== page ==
Takeaways

Third-party suppliers of technology products and services are notifying their customers that they are implementing business continuity and recovery plans in light of COVID-19 and are requesting written authorization for remote work arrangements.
Suppliers rightfully feel compelled (if not strictly legally obligated in all cases) to look after the health and safety of their personnel (and their customers) and to comply with applicable laws and any governmental restrictions that are put in place.
It is necessary for customers to understand the pandemic planning efforts of their key suppliers and to consider what back-up options exist if a supplier is unable adequately to provide a critical service.

Third-party suppliers of technology products and services are notifying their customers that they are implementing business continuity and recovery plans (BCPs) in light of COVID-19 and are requesting written authorization for remote work arrangements. These requests typically are broad in scope, open in timeframe and, in some cases, provide certain information about the security, connectivity and continuity protocols that the supplier will put in place.

We expect customers to receive an increasing number of these requests in the coming days and weeks. When considering these requests, it is important for the customer to assess and respond in a manner that is as consistent as possible across its supplier base, subject to deviations appropriate for different services. Below are key topics to keep in mind.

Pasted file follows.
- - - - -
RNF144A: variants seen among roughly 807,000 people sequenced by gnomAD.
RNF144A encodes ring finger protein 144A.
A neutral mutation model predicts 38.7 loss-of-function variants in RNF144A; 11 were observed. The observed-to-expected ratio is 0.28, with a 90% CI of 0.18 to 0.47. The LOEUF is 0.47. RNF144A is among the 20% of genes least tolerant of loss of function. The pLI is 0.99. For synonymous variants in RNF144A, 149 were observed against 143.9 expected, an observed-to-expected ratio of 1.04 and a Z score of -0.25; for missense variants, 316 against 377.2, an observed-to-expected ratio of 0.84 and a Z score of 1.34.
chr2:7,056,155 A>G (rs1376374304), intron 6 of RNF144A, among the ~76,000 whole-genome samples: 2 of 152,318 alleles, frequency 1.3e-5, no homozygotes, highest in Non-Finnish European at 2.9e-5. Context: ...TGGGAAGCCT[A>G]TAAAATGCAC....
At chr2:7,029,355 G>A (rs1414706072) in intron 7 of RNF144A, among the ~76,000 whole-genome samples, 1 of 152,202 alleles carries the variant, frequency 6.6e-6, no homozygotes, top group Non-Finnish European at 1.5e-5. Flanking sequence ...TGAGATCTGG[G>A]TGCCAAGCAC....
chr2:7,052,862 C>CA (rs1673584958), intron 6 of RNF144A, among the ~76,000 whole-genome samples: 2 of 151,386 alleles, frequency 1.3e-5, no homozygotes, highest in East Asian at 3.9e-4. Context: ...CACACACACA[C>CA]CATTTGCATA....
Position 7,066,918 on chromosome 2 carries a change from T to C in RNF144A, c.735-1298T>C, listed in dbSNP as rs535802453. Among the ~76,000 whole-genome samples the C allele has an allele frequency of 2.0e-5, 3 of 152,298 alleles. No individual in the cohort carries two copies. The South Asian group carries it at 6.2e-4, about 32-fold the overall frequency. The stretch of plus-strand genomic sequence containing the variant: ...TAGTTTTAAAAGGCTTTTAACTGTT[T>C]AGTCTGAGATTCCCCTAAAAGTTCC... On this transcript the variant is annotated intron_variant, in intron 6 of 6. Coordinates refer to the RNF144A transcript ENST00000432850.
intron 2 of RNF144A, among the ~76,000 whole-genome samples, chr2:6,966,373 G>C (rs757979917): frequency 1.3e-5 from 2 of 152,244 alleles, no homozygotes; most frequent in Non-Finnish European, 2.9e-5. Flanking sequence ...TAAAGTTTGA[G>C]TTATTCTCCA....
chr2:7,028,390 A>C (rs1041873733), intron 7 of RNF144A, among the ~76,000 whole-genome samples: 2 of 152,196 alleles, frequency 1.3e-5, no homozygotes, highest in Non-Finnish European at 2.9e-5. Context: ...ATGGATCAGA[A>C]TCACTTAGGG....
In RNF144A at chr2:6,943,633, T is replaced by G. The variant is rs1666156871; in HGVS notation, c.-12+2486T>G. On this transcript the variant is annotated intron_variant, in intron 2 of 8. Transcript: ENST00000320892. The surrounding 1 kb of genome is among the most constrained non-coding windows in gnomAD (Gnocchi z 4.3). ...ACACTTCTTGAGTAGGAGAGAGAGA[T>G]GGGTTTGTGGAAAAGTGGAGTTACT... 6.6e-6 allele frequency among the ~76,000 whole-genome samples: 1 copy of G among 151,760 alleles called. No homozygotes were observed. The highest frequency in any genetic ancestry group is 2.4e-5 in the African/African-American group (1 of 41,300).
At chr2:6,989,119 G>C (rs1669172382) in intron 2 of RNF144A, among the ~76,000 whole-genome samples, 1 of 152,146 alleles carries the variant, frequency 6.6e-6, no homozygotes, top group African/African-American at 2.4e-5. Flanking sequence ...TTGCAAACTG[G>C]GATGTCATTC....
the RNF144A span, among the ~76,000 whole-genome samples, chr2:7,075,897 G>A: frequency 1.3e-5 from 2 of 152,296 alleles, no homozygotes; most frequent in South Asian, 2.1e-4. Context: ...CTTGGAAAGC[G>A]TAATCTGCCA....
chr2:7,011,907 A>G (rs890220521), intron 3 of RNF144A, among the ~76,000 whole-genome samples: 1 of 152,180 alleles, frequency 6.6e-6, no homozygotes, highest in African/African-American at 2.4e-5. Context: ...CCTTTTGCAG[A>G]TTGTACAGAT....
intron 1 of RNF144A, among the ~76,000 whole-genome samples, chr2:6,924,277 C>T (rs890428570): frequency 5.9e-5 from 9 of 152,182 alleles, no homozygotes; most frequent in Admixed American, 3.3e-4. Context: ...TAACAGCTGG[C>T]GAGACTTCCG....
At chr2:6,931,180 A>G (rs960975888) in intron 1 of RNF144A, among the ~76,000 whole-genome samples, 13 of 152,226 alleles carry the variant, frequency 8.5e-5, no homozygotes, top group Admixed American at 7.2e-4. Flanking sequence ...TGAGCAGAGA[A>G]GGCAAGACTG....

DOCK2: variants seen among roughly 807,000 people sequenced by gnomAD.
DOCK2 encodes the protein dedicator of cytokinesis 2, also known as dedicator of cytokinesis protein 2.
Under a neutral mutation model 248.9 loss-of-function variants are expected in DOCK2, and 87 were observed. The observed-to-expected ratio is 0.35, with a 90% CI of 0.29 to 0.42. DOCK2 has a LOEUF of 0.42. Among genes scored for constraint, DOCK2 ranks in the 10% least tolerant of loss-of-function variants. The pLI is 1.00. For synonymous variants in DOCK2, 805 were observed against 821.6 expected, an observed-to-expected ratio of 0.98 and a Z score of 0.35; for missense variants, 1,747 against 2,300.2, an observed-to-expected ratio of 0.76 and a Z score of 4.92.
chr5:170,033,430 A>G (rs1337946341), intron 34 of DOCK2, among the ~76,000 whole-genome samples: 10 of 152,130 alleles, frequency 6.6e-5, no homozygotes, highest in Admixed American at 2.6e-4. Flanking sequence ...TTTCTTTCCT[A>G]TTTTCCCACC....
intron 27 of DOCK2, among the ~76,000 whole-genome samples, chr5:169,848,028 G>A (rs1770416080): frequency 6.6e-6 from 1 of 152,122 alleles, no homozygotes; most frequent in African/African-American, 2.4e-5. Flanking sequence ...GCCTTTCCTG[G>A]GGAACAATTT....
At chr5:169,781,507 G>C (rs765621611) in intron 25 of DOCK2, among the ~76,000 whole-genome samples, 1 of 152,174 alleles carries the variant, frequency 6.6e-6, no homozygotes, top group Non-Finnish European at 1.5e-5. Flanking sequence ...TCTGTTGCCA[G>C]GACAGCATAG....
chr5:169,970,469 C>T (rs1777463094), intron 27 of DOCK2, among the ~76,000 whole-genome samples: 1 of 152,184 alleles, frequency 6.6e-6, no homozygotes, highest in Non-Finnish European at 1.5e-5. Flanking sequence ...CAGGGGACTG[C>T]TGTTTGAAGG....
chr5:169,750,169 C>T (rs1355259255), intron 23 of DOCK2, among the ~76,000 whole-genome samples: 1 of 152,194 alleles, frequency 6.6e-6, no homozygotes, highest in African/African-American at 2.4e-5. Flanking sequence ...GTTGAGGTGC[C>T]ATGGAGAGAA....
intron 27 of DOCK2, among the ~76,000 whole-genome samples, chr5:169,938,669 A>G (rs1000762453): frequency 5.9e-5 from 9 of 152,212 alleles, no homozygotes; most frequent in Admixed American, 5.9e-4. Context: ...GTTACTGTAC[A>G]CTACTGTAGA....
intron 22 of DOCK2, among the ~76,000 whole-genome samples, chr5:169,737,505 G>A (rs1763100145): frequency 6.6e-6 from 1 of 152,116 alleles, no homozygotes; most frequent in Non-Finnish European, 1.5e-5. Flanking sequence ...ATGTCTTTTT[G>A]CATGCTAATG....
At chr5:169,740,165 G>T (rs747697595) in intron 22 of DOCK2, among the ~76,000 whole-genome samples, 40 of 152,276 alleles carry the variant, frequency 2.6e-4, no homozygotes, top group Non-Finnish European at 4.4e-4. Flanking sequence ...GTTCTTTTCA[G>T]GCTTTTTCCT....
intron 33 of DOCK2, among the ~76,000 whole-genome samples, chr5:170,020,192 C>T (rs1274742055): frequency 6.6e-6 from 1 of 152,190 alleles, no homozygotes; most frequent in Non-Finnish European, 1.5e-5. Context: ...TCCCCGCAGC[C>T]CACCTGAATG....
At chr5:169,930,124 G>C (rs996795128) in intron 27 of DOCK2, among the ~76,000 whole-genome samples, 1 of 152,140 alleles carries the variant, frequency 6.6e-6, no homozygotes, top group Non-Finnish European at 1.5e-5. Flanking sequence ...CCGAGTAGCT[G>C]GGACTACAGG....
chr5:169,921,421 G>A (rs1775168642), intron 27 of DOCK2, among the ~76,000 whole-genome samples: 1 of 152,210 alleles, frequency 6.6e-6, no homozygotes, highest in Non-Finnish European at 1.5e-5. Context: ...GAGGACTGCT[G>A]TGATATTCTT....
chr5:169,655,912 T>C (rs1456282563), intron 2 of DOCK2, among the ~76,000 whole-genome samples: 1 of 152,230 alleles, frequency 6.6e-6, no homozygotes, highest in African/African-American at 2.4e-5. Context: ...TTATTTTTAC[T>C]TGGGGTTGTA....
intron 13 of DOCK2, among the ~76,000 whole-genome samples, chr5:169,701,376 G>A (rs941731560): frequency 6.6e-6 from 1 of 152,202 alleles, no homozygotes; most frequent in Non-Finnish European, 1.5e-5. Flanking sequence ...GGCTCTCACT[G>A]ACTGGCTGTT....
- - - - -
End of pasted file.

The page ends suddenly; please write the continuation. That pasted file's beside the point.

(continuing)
More generally, it is necessary for customers to understand the pandemic planning efforts of their key suppliers and to consider what back-up options exist if a supplier is unable adequately to provide a critical service.

Supplier Position

Like other companies worldwide, suppliers are grappling with how to respond to the spread of COVID-19. Suppliers rightfully feel compelled (if not strictly legally obligated in all cases) to look after the health and safety of their personnel (and their customers). Suppliers also must comply with applicable laws and any governmental restrictions that are put in place (e.g., executive orders, government directives or legislation regarding travel restrictions, limits on group size, quarantines, etc.). In this regard, as is the case with its customers, each supplier will do what it believes it must do to protect itself and its people.

Customer Flexibility

It is in the customer’s interest to grant these remote work requests (within certain parameters, as noted below). During a time of crisis, it is paramount that the services provided by the suppliers continue uninterrupted and with no (or as little as feasible) degradation. If the customer does not authorize the remote work arrangement, the chances increase that the supplier may be unable to perform and may declare a force majeure event per the terms of the agreement. For example:

  • The supplier cannot perform because a significant number of its personnel on the customer’s account become ill because they had to be in the workplace, or must self-quarantine due to potential exposure while at the workplace.
  • The supplier cannot perform because the governmental authorities have required all non-essential businesses to shut down.
  • The supplier cannot perform because it has instituted a company-wide work from home policy for health and safety reasons, but it does not have the requisite authorization from the customer.